Free masks and potential pop-up vaccine centres to feature in college reopening – Harris

Minister Harris also expressed a desire to “end the points race” during the third-level admission process

Minister for Further and Higher Education, Innovation and Research Simon Harris has said that free face masks, pop-up vaccination centres, and antigen testing will be part of the return to on-campus university teaching this month.

Speaking on RTÉ’s Morning Ireland radio programme this morning, Harris laid out a number of measures the government will be taking to facilitate the safe return of in-person teaching at third-level institutions.

Harris said his department wants to make the process “as easy as possible for everyone” and will be providing free face masks on college campuses.

The department is working with the Health Service Executive (HSE) to potentially open up pop-up vaccine centres on campuses.

Harris noted that 83% of 18-24 year olds are already at least partially vaccinated, and “our young people are really enthused about vaccines in general”, but that it will be important to make getting vaccinated “as easy as possible” for those who aren’t yet fully inoculated.

He also noted that nine institutions in Ireland have already joined the UniCoV rapid antigen testing project and he “intend[s] to double that figure in the coming days”.

Harris said that he is “really excited” about the return of on-campus teaching.

“Students who have been doing college at the kitchen table in their mum or dad’s house, will now be going back to college” he said.

“I’m sure the parents will be glad to get the kitchen table back as well.”

“We have a plan to get people back to get people back safely. It’s not just my plan, people will be glad to know it’s endorsed by the [HSE] chief medical officer” he continued.

He noted, however, that when reopening of any sector occurs, “outbreaks happen”.

The government intends to coordinate between universities and the HSE to ensure PCR testing is available quickly for staff and students to locate and control such outbreaks.

Harris also repeated his commitment that on-campus non-teaching activities would be regulated in the same way as those happening in other places: “If you’re drinking in the college bar, it’s just like you’re drinking in the town or village bar, you have to have a vaccine pass.”

The minister said again that specific regulations on lecture sizes and the nature of teaching activities would be down to the judgement of each college, depending on the physical layout of their facilities.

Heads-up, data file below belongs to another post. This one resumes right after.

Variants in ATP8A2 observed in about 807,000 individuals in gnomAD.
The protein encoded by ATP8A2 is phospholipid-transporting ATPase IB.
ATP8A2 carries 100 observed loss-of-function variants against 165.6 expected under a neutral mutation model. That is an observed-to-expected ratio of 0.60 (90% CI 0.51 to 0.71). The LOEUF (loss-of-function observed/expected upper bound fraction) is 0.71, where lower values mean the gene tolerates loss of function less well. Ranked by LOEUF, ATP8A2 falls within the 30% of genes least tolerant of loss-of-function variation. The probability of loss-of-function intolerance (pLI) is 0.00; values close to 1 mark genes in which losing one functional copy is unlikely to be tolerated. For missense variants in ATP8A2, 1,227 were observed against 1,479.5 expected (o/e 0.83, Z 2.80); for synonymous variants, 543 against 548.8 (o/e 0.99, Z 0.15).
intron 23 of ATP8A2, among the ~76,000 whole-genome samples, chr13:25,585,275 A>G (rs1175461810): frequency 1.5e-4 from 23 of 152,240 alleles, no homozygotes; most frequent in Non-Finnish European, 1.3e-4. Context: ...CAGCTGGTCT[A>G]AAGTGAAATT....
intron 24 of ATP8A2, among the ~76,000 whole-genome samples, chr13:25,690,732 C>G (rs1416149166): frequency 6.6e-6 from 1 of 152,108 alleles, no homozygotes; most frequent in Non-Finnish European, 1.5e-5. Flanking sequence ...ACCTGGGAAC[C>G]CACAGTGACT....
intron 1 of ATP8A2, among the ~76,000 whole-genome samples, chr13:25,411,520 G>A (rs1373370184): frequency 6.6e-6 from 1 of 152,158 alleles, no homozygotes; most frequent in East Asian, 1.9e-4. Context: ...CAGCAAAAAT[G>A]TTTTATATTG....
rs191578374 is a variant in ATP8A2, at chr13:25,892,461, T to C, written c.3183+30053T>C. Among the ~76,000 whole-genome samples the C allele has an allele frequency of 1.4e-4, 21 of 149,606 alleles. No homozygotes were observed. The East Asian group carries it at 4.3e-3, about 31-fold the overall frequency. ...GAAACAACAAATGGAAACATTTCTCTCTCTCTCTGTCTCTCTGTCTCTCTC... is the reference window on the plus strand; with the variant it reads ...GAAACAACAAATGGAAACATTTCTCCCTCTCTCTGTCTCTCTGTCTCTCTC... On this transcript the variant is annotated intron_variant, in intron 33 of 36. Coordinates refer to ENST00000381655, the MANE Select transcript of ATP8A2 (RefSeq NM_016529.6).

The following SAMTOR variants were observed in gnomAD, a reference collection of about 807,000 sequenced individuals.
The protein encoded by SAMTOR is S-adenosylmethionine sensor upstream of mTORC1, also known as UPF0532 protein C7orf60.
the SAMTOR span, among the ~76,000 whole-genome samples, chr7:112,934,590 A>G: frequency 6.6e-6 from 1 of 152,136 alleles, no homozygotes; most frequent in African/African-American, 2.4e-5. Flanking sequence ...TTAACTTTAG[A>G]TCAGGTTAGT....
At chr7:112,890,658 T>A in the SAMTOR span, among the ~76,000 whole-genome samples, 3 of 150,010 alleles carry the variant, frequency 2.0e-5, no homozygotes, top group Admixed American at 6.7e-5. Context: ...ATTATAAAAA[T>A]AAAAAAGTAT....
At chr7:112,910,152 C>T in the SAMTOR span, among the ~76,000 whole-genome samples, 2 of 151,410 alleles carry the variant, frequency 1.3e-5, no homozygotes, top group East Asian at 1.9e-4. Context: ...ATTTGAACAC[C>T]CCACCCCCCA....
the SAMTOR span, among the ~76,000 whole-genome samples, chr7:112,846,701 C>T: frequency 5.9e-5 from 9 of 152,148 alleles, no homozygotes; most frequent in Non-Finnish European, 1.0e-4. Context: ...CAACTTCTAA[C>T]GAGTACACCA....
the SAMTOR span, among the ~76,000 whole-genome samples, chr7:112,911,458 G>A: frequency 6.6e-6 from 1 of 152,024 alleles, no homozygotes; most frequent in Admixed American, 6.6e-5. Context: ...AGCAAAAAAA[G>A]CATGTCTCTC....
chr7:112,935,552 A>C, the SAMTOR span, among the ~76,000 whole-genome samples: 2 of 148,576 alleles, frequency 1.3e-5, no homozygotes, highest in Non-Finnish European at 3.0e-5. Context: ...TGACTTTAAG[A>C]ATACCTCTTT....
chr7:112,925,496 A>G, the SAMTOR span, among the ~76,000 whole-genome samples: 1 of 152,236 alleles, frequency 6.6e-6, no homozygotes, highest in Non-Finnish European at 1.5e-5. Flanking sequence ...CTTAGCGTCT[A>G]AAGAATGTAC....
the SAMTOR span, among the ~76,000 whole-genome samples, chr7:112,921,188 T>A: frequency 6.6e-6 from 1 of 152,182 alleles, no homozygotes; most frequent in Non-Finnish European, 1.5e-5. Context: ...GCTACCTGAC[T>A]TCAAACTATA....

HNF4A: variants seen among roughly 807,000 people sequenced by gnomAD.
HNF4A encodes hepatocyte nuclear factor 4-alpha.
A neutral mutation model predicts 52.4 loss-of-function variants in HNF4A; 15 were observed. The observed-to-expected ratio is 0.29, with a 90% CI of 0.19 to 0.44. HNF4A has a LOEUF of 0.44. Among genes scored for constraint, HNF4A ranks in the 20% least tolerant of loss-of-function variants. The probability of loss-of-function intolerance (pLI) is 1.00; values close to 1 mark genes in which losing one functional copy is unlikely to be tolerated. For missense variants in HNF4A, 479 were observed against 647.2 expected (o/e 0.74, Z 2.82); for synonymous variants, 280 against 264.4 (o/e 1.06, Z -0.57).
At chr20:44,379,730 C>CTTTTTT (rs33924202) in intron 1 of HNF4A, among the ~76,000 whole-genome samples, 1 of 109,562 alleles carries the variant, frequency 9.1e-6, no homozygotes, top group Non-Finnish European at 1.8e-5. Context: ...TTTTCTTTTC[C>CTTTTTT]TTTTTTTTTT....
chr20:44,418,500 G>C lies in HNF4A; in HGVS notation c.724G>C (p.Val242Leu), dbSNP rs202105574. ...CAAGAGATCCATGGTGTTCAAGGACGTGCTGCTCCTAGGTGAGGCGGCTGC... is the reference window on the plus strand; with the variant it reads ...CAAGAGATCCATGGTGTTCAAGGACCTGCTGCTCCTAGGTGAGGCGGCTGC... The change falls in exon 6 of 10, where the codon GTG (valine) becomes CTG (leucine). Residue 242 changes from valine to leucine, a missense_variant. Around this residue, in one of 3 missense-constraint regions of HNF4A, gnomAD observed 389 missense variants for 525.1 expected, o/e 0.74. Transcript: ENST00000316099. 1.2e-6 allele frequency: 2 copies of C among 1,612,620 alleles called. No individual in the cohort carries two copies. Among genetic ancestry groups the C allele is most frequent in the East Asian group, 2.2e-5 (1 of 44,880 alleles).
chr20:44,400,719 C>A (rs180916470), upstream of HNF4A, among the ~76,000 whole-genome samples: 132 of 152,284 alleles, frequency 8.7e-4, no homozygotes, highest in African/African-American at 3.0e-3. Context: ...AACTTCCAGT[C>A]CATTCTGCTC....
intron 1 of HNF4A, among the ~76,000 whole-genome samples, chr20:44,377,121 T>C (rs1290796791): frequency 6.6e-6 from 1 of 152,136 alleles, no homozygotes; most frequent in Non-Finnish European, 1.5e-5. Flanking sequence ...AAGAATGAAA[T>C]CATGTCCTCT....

Provost Linda Doyle invoked this sentiment last week when she said that Trinity was being more cautious than other colleges due to the compact nature of the campus.

Also during the RTÉ interview, Harris spoke about college entry procedures, with the release of Leaving Certificate (LC) results scheduled for tomorrow, saying he wanted to “end the points race.”

“We have to move on from the obsession with institutions and focus on career pathways. Whatever your results tomorrow, there are so many ways for you to get to where you want to be.”

He did however note that there will be more than 4,500 additional college places available for students this year, as many deferred their entry last year due to the pandemic.

He said that LC students should be made more aware of the potential to do preparatory courses at NFQ level six or seven in order to get into university courses without having received the necessary points in their exams.

Harris also said more students should be encouraged to consider doing apprenticeships.

“From November, when this year’s sixth year students log on to the Central Applications Office website, I want, for the very first time, for them to be able to see their further education choices and their apprenticeship choices.”

He concluded: “Tomorrow, I know there’s nervousness for many, many of our students, we’re all thinking of them It’ll be a day of great joy for people, and every year it’s a day of some disappointment too.

“We’re proud of everybody’s effort, and there are many pathways to get to where you want to, and we will work with you on that.”

Jack Kennedy

Jack Kennedy is the Editor-in-chief of the 68th edition of Trinity News. He is a Computer & Electronic Engineering graduate, and a former Assistant Editor, Online Editor, and Deputy Online Editor.